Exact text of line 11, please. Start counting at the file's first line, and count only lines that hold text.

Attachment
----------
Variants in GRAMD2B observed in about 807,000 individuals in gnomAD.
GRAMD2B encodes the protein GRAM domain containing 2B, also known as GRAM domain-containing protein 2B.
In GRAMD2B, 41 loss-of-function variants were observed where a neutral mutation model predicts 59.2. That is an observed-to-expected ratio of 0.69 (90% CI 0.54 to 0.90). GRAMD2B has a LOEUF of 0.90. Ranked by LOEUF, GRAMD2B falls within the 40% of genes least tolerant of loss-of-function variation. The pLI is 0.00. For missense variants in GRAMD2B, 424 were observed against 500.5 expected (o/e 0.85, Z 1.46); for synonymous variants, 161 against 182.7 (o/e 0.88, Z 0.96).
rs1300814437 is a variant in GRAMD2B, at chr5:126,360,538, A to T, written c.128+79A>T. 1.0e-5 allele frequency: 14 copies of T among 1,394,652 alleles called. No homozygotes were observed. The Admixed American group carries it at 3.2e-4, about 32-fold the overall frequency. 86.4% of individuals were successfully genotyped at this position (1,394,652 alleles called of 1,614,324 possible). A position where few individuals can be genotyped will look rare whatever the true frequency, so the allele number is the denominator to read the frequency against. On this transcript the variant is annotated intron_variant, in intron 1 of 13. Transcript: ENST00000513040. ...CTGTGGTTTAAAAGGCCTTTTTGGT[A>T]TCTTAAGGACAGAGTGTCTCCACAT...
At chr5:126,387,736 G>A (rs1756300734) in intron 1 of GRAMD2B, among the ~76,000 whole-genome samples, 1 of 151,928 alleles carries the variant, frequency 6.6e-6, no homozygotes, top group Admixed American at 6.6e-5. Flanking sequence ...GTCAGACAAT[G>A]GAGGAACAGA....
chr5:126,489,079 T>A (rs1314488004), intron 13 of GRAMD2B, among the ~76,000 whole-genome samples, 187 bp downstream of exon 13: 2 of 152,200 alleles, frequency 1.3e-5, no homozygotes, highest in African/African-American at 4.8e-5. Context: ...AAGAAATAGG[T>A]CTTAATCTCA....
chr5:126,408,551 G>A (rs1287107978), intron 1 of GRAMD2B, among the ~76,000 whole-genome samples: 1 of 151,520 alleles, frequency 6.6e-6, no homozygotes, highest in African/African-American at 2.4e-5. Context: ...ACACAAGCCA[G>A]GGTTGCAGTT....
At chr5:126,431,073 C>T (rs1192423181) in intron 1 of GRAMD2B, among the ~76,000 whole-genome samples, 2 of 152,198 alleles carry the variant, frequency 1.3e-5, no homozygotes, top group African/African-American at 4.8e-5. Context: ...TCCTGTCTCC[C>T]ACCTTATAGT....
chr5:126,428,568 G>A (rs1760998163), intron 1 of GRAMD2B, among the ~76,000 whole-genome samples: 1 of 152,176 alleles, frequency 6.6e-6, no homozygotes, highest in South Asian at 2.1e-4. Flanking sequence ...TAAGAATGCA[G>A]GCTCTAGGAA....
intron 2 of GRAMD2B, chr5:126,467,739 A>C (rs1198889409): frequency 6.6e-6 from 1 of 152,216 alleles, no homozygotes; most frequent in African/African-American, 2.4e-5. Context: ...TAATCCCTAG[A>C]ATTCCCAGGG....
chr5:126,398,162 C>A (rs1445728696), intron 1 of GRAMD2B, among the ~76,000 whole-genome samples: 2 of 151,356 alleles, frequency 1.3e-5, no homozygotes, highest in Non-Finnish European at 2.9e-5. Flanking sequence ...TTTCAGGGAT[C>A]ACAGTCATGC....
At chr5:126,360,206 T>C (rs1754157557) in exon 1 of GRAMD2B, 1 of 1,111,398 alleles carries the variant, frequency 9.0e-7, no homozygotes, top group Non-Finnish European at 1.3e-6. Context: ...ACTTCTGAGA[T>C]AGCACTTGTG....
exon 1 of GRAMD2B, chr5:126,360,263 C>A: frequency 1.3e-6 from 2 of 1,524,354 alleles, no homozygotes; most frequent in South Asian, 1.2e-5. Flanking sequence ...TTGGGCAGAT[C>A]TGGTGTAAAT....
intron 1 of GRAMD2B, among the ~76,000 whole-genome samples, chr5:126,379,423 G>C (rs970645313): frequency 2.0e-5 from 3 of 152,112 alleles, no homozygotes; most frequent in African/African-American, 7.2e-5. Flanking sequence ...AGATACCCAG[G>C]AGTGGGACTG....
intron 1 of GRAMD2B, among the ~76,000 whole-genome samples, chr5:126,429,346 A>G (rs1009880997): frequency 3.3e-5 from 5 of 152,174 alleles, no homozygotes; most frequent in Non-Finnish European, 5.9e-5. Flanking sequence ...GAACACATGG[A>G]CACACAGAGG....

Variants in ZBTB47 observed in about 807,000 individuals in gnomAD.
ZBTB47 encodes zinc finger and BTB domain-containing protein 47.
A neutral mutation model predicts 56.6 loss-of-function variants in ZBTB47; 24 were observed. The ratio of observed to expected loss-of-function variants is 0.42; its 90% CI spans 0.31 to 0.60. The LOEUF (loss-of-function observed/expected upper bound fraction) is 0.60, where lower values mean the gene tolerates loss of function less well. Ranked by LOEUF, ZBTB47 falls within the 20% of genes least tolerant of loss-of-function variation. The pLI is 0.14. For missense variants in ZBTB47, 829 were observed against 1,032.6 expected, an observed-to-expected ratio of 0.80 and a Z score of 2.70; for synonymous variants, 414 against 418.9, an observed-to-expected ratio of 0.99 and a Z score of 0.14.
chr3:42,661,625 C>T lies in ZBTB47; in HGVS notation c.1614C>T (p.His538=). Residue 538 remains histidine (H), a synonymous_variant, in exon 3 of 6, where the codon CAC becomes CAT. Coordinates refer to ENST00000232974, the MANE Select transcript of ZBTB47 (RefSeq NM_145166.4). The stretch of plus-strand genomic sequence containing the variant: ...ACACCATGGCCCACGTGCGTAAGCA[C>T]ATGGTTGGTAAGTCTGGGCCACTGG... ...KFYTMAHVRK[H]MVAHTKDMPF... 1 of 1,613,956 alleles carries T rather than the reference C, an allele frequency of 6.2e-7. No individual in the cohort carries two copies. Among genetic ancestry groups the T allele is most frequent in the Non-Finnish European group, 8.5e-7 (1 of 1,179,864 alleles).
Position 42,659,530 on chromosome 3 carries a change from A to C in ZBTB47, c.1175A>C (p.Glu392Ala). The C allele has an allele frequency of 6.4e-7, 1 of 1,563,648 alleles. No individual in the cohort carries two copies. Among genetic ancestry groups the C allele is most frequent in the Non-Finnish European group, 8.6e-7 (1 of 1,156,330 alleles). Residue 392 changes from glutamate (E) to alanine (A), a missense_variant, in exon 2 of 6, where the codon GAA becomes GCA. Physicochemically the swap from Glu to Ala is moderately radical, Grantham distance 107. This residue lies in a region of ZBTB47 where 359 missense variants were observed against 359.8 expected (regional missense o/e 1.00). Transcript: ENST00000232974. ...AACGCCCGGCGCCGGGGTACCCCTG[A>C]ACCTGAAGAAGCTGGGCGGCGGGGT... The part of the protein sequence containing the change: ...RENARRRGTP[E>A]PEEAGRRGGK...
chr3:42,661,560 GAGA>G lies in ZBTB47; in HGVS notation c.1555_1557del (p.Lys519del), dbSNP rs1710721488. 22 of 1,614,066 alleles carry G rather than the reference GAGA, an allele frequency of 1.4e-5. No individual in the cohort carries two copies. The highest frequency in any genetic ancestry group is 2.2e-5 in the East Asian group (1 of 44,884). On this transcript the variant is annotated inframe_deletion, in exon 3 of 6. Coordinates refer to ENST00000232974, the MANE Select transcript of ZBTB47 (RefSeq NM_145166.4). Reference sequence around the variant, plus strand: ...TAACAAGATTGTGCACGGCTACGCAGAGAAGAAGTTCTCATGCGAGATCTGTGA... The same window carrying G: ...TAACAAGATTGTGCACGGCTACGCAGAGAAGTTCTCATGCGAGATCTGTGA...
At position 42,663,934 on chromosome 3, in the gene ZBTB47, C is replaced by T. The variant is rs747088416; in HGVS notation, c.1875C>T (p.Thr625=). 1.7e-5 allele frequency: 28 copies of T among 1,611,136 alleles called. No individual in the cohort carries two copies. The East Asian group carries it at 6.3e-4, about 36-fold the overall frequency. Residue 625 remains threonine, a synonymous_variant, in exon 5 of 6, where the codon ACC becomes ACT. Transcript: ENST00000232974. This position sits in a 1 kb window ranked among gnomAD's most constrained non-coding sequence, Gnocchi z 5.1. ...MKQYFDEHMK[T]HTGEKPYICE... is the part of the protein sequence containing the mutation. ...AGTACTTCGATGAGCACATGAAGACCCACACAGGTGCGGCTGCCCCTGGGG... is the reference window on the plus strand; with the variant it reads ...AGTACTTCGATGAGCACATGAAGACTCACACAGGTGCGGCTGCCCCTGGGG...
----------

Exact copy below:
chr5:126,398,162 C>A (rs1445728696), intron 1 of GRAMD2B, among the ~76,000 whole-genome samples: 2 of 151,356 alleles, frequency 1.3e-5, no homozygotes, highest in Non-Finnish European at 2.9e-5. Flanking sequence ...TTTCAGGGAT[C>A]ACAGTCATGC....